Can I File My Taxes Before I Make a Contribution to an IRA?

by Cynthia Gaffney ; Updated March 15, 2018

The beginning of each year is full of promise, recovery from the holidays, and a looming income tax deadline. Shrinking your tax bill by maxing out your tax deductions takes away some of the sting, and an IRA account provides one such opportunity. However, you might have already filed your return and forgot to take advantage of an IRA, but don't worry; you still have time to take that deduction, even if it's almost tax day.

IRA Accounts Defined

IRA is an acronym for individual retirement account. A traditional IRA account allows you to save money for retirement and avoid a tax bill on the front end. A Roth IRA is funded with already-taxed money, but it isn't taxed again when you take the funds out in retirement. For traditional IRAs that you fund with pretax dollars, the theory is you'll be in a lower tax bracket during your retirement years, so you'll pay less in taxes then than you would have paid treating the money as regular income during your working years.

Contribution Timing

The IRS allows you to contribute to your IRA all the way up until the day your tax return is due, which is typically April 15 of any given year. This date sometimes varies by a day or two, depending on which days of the week the 15th and certain national holidays fall. You have until the tax filing date of the following year to make your IRA contribution. For example, you have until April 15, 2019, to make a contribution to your IRA for the 2018 tax year.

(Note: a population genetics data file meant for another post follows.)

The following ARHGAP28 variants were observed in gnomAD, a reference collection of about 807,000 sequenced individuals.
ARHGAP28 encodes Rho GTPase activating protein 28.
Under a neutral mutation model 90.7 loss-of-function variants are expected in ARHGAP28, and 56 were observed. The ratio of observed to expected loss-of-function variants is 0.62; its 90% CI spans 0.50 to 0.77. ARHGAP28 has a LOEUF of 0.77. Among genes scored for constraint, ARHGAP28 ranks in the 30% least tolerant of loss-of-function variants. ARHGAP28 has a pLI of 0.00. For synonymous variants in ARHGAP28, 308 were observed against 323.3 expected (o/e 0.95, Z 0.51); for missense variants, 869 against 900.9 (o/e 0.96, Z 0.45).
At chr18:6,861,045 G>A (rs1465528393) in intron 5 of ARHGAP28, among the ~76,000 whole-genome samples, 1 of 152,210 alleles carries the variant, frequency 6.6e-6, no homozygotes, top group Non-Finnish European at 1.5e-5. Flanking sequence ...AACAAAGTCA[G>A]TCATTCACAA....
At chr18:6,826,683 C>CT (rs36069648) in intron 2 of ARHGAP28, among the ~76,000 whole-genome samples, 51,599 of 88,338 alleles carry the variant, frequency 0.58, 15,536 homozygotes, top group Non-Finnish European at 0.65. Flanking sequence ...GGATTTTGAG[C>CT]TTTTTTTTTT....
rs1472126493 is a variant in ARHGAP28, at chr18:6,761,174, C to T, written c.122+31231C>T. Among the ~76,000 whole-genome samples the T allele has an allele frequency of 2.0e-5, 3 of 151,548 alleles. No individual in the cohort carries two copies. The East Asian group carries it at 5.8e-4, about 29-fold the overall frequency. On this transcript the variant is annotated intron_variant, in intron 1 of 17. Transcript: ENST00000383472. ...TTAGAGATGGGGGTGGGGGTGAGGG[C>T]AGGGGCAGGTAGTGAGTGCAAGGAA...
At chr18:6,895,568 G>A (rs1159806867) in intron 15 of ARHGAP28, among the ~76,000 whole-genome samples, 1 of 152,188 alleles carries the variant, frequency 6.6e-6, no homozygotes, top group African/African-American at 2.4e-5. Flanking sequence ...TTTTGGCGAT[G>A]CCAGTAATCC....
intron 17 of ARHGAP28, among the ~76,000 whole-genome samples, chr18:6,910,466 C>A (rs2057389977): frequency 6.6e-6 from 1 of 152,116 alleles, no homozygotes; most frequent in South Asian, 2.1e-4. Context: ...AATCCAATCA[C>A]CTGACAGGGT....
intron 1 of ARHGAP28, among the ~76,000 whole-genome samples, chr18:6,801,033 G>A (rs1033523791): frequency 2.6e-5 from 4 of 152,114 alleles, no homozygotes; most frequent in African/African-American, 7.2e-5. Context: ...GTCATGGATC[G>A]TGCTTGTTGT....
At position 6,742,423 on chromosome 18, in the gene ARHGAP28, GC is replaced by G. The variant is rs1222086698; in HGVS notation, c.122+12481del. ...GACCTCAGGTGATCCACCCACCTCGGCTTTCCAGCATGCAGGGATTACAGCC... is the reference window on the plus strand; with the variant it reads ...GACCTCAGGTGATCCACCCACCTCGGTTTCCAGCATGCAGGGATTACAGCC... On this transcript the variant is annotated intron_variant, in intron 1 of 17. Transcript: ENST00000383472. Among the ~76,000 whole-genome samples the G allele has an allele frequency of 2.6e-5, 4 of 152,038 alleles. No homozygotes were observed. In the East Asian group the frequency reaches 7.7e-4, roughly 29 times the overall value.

The IRS imposes annual contribution limits for IRA accounts of $5,500 for traditional and Roth IRA accounts combined if you're age 49 or younger. Tax filers 50 years and older can contribute up to $6,500 total for the year. If your total compensation was less than these limits, you may only contribute up to the amount of your total annual compensation.

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Your Refund

Some people wait until the last minute to file their tax returns, especially if they owe money. However, it behooves you to file your return as soon as possible if you know you're receiving a refund. As long as you get your tax refund before the April filing deadline, you can use it to fund your IRA contribution for the previous tax year. When completing your tax return, as long as you are sure you will fund the IRA by the April filing deadline, you can take the deduction for it on your tax return when filing.

If You've Already Filed

One caveat exists in the process; unless you claim the deduction when you file your tax return, you have to file an amended return using IRS Form 1040X. Filing an amended return lets the IRS know about your new IRA contribution, along with your updated adjusted gross income and revised tax refund or liability.

About the Author

Cynthia Gaffney started writing in 2007 and has penned tax and finance articles for several different websites. She brings more than 20 years of experience in corporate finance and business ownership. Gaffney holds a Bachelor of Science in finance and business economics from the University of Southern California.

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